But for all of the 3DS’s many compelling titles and social integrations, there’s always been something off about Nintendo’s portable console. I can’t quite put my finger on it, but it feels as though the 3DS is still a console for kids — maybe because it is — but it means that there’s this feeling of something missing. As in, why isn’t there any easy way to take screenshots on the device to save moments in-game? In a world of super-high resolution displays, why are the screens on the 3DS still the same low-res that we were seeing five, ten years ago? And that’s not even talking about the seldom-used 3D feature — although it’s cool that Nintendo has come up with a way for glasses-free 3D to work in a portable console, the fact that 3D cuts the resolution in half should mean Nintendo would want to be cramming the highest quality display possible into the 3DS, at least for the upper display.

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Which platform do I play this on?

It's been two and half years since I last played my Vita. Bonus points if you can name the games.

It’s been two and half years since I last played my Vita. Bonus points if you can name the games.

One of the best things about modern gaming is being able to choose what platform to play something on. Console exclusives have more or less died out apart from a few titles that I’m not really that interested in anyway, and I can probably count the number of games that I want to play that aren’t on a platform I own on one hand, so life is pretty good when it comes to choosing which platform I want to play something on.

Nine of out ten times, I’ll choose to play something on PC. I have a reasonably powerful gaming PC that’s purpose-built for the task, so putting all that graphics power to the task of pushing some pixels around is more productive than having it just sit around, looking pretty. Playing on PC means I get all the extra goodies that come with PC gaming: ShadowPlay to record in-game footage I want to watch later, and Steam integration for screenshots and for when I feel like being social and playing with friends (or to see what my friends are playing).

Note that I don’t have a current-gen console at the moment, either. I used to have an Xbox 360 and a PS3, but I left those behind in Hobart when I moved to Brisbane in 2015. Some times I miss those consoles — there’s still a few PS3 games I’d like to play through — but for the most part, I haven’t felt like I’m missing out on anything by not having a console. Besides, these days I’m playing way too much Dota to get stuck into anything else.

When Zero Time Dilemma came out at the start of July this year, I faced a dilemma: which platform should I be playing this on? I immediately purchased it on Steam due to the fact that it was the first title in the series that was available on PC. I didn’t have much of a choice with 999. Although you can play 999 on iOS these days, it lacks the puzzles of the 3DS version which I played through a few years ago. For Zero Time Escape, I went with the Vita version for something a little different.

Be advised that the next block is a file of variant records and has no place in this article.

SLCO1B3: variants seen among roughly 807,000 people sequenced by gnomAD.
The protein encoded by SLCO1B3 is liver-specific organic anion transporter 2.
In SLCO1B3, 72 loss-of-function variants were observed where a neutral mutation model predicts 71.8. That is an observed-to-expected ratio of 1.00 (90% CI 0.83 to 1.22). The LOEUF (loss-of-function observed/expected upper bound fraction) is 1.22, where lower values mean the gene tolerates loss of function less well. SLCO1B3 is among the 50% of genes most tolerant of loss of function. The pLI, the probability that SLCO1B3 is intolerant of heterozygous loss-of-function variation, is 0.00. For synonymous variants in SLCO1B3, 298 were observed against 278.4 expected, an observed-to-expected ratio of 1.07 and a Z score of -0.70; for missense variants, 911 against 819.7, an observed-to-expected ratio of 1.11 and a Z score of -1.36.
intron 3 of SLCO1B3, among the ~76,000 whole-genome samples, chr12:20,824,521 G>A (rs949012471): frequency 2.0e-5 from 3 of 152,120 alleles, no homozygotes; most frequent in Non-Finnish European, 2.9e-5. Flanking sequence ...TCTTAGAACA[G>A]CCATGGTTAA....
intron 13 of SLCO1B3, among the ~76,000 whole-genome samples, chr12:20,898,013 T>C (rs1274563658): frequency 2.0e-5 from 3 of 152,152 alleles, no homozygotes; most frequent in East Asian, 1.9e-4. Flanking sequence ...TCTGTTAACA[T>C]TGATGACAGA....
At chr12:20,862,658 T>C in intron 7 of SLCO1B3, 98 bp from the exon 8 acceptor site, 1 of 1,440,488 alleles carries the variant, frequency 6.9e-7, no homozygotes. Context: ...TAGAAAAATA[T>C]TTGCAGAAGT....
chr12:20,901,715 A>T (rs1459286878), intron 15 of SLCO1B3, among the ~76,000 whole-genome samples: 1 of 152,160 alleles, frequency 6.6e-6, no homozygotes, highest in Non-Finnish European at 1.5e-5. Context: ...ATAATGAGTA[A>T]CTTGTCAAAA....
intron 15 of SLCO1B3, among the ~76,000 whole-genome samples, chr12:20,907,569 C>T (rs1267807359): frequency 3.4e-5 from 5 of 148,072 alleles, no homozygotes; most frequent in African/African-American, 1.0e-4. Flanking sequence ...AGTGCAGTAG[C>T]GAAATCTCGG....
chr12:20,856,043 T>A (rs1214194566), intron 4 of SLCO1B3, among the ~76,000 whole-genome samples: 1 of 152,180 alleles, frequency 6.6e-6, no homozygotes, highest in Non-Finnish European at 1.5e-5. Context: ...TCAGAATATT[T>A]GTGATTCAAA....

I tried playing Zero Time Dilemma on the PC, I really did. But the advantages of the PC platform just weren’t there. It’s not a bad port, per se, but using a mouse and keyboard for what is generally a pretty hands-off game/visual novel interspersed with puzzle sections felt wrong somehow, like I was doing more work than just playing the game.

I could have gone with Zero Time Dilemma on the 3DS, too. I generally like the cutesy nature of the New 3DS, and Nintendo’s insistence on keeping games on their own platform forces my hand more often than I’d like. But here, the lack of an actual screenshot function would have let me down if I ever wanted to do a little write up — if I can’t go back and review the screenshots of the game I’ve played, did I ever really play it?

So it was settled. I asked my sister to ship me my PS Vita that I bought back in March 2012, and as soon as I arranged for some US PSN credit and downloaded Zero Time Dilemma, I knew I had made the right choice.

The Four Shifts

I’m trying to write about stuff not related to Dota 2, so here’s something short and sweet about work.

It’s not uncommon for help/service desks to have different shifts based on who they support. Since all of our customers are based in Australia, we’re lucky that only means supporting people on AEST and whatever timezone Perth uses. Due to the retail nature of the majority of our customers, that also means supporting late-night trade and weekends.

Normal — 8:30 AM to 5 PM

Everyone likes the normal shift. “Normals”, as they’re referred to, are you run-of-the-mill, standard working day. You start work when everyone else in the office does, and depending on what season it is, might even get to go home when it’s still light. Not particularly special, but I guess that’s why we call them normal.

Early — 7:30 AM to 4 PM (7 AM to 3:30 PM during daylight savings)

Everyone seems to like the early shift, but I’m not so sure. It means a super early start in the morning, and while going home earlier than everyone else is cool and all, by the time dinner rolls around it’s hard not to face-plant your bed and sleep until whenever you have to get up and do it all over again, let alone make dinner and attempt to be productive with your evening. Getting to work before everyone seems good, until you realise that you can’t fix the super-broken stuff because you’re the only one in the IT department. Similarly, being on “earlies” means first lunch break privileges, which is great until you realise this means you’re going to lunch before noon and consequently feel hungrier before whatever your usual dinner time is. Brisbane not having daylight savings means a half-hour earlier start, which just exacerbate the issues I just outlined.